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Reconciliation? Better Citizen Oversight? Experts Weigh In On How They Would Fix The LAPD

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In the wake of this month's protests against systemic racism and police brutality, those who seek to reform the LAPD have focused primarily on defunding the department. KPCC's Take Two has asked various experts and thought leaders what other measures, if any, they think might work as well.

Some argue that change can happen even if the LAPD's budget were to remain untouched.

Here's how our sources think the department can start to do better by the community.

David Kennedy
Author of "Don't Shoot: One Man, a Street Fellowship, and the End of Violence in Inner-City America," and criminal justice professor at John Jay College specializing in police-community relations.

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1. The LAPD should start a reconciliation process with the community

Taking a cue from the reconciliation process in post-Apartheid South Africa, Kennedy argues that this would be an important step for the LAPD to start regaining trust among L.A.'s black community.

The process includes the department owning up to what it's done, hearing the experiences of those who've been harmed, committing to repair and committing to doing better going forward.

"[Reconciliation] is the closest thing to magic I've ever seen," said Kennedy, "but only if it is understood that it is not legitimate and authentic if it is not about repair."

Erroll Southers
Director of the Safe Communities Institute at USC and co-creator of an LAPD community policing training program

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1. Make community-oriented policing and the Law Enforcement Advanced Development certificate program through USC part of the LAPD budget

Community-oriented policing is devoted to improving officers' relationship with the people they serve. Instead of only reacting to crime, the police might also talk with community leaders one-on-one about simpler problems that could be fixed, such as fixing lights in alleyways.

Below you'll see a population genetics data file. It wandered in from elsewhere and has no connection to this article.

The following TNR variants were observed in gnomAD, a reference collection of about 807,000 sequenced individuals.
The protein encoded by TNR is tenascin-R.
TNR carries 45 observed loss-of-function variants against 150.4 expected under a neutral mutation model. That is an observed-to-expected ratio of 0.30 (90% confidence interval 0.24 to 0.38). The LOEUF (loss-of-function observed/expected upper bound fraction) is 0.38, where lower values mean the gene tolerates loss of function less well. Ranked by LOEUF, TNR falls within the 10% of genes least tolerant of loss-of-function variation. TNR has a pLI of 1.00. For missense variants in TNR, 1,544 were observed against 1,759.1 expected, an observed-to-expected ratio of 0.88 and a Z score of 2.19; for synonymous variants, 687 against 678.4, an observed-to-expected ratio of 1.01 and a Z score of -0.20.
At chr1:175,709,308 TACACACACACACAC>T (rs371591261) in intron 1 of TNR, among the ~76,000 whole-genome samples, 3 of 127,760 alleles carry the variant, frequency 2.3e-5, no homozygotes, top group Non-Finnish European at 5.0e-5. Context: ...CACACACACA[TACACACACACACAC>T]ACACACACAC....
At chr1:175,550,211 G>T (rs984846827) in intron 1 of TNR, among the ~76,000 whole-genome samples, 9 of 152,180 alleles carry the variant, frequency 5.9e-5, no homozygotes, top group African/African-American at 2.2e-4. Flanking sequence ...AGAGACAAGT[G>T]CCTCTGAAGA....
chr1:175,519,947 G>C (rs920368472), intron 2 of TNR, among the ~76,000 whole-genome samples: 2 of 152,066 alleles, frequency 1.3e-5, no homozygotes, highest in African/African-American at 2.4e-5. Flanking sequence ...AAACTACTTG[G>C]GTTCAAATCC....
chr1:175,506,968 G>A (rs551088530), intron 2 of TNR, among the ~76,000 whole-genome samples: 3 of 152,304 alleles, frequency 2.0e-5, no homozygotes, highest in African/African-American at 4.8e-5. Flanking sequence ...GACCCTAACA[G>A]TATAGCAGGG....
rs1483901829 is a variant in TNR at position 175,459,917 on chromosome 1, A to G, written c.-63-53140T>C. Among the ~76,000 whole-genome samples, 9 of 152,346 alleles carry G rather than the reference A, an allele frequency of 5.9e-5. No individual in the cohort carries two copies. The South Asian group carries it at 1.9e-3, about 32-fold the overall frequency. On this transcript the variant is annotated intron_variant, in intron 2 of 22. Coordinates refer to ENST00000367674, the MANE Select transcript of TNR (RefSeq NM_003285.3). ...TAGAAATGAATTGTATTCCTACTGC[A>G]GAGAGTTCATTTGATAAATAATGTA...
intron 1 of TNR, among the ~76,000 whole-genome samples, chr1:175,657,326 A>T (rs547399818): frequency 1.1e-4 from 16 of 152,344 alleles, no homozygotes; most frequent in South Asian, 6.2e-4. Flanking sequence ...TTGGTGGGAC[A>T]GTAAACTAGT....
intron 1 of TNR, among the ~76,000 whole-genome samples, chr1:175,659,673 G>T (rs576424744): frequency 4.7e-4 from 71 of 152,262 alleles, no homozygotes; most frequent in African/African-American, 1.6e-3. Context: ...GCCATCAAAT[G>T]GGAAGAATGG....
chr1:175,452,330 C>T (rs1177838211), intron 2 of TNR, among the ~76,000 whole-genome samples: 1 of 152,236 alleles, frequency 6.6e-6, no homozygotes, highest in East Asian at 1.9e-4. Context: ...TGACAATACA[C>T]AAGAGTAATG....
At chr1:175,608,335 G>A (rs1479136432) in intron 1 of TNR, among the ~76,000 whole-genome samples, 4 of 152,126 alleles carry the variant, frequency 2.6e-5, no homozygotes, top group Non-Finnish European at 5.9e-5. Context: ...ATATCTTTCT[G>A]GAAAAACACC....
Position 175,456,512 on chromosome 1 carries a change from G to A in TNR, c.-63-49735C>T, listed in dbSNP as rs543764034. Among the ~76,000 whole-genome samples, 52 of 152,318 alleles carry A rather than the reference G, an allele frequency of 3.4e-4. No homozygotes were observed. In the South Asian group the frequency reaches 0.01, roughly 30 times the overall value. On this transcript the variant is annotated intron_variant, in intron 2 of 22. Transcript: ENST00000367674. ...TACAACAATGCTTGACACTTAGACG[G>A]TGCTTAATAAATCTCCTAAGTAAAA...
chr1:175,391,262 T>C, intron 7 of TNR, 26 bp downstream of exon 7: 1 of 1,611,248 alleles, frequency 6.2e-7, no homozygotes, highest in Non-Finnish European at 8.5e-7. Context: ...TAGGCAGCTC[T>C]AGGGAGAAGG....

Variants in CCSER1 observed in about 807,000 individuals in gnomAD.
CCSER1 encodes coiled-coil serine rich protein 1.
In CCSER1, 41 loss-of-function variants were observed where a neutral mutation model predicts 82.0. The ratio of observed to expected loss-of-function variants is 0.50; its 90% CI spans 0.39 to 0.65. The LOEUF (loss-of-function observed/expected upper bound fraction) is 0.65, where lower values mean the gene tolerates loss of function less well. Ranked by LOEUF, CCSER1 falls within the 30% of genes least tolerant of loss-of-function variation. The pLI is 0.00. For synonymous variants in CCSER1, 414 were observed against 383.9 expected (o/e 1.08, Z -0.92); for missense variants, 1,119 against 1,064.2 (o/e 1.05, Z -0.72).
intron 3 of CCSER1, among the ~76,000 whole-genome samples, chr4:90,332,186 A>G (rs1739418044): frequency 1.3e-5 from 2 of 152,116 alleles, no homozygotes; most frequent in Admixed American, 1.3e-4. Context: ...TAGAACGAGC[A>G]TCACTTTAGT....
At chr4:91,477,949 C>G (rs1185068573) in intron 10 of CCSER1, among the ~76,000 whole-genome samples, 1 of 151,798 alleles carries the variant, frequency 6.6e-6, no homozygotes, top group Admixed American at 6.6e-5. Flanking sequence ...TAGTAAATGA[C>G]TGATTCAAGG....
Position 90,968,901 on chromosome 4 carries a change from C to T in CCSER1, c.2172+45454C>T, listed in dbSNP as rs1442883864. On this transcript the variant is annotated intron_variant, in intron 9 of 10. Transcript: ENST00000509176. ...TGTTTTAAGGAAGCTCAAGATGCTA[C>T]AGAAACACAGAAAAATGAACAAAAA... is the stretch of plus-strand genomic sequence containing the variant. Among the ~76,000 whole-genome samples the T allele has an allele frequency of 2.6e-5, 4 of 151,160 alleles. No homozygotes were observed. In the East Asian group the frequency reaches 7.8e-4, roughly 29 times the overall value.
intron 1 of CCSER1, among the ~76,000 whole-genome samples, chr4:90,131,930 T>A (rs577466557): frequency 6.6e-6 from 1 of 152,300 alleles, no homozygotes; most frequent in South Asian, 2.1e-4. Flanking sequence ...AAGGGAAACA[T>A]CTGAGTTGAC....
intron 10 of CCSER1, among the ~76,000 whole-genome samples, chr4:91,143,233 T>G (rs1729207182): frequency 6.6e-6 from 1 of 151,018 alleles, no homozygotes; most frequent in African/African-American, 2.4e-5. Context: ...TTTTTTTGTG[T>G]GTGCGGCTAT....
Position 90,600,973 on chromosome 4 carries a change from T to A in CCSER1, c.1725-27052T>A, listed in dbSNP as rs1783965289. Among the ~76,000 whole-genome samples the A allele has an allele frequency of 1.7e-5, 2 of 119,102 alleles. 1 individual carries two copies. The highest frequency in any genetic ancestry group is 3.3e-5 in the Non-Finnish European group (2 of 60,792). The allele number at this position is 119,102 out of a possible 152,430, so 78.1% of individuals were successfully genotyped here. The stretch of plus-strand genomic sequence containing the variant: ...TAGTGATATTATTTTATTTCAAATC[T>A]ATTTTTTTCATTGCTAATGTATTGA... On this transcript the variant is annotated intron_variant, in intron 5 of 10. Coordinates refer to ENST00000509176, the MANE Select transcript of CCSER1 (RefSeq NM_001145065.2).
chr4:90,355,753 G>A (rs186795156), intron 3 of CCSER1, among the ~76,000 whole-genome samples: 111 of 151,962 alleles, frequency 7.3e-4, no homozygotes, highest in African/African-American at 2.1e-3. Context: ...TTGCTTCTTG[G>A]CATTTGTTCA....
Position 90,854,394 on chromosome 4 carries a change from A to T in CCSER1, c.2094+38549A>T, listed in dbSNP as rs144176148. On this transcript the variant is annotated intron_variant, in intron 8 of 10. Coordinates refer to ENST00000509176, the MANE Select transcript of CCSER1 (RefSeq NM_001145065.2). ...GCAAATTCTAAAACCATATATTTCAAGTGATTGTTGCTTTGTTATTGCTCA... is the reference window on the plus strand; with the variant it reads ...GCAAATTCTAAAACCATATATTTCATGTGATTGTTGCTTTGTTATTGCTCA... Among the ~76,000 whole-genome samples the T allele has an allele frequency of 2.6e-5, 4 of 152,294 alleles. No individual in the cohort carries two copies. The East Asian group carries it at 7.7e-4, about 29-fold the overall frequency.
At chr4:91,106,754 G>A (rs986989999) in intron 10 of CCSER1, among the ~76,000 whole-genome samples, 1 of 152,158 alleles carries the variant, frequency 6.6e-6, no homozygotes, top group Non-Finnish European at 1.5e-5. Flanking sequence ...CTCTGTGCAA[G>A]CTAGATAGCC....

"They'd work with the community to put a solution together, present it to LAPD command staff, and then try to operationalize it," said Southers.

This practice has many benefits, but one is that it raises trust in the police among neighborhood children. If they grow up to join the force, then the demographic of the officers better reflects the area.

The LEAD program taught many of these ideas to officers, but the grant funding ran out three years ago. Southers argues that it should be an essential part of the LAPD budget.

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2. Create a police commission filled with citizens

In Long Beach, an independent oversight board of which Southers was once a part is stacked with civilians who review all allegations of misconduct.

"They had subpoena power, they had the power to investigate," said Southers.

The LAPD does have a police commission, but its board is filled with people appointed by the mayor, and it's also charged with addressing things like equipment and personnel.

Southers believes LAPD should have a citizen commission similar to Long Beach's, focused only on officer misconduct.

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3. Create an independent, national database to track officers' records

If an officer commits misconduct in one department, there's little stopping him or her from getting a new job elsewhere. Personnel files between police departments are not shared regularly, or an officer may resign if they get wind of an impending firing to keep their record clean as they look for new work.

Southers believes there should be a national database to track problem officers.

"They should be in that database and be prohibited by law from serving as a police officer ever again in any state," he said.

Greg Meyer
Retired LAPD captain and expert on police use-of-force

1. Make it a requirement for officers to intervene if they see another officer committing abuse.

It's not uncommon for Meyer to see officers turn a blind eye to misconduct committed by their colleagues.

Requiring intervention, he says, should be an explicit policy at all departments.

"The challenge is how to make this an operational norm across agencies big and small: 'Yes, I AM my brother's/sister's keeper,'" he said.

2. Reform the discipline process, and make consequences stick

"A wise deputy chief I worked for almost 30 years ago often said, 'We discipline far too many, and we fire far too few,'" recalled Meyer.

He argues that the LAPD should reform the way it fires officers.

"The courts and arbitrators and civil service commissions have a really sorry record for returning fired officer misfits back to duty," he said.

Like Southers, he suggests that a national database of problem officers could be a step towards a solution.

3. Don't think that defunding the LAPD is a silver bullet to reform

Meyer believes that many of the protesters stated goals could be accomplished even while leaving the LAPD budget untouched.

"Society's problems are much bigger than the police," he said. "We've got poverty, education, employment opportunities, economic challenges that foster crime."

But he believes that taking away police funding will hurt the department, especially since LAPD is being asked to provide more training and accountability.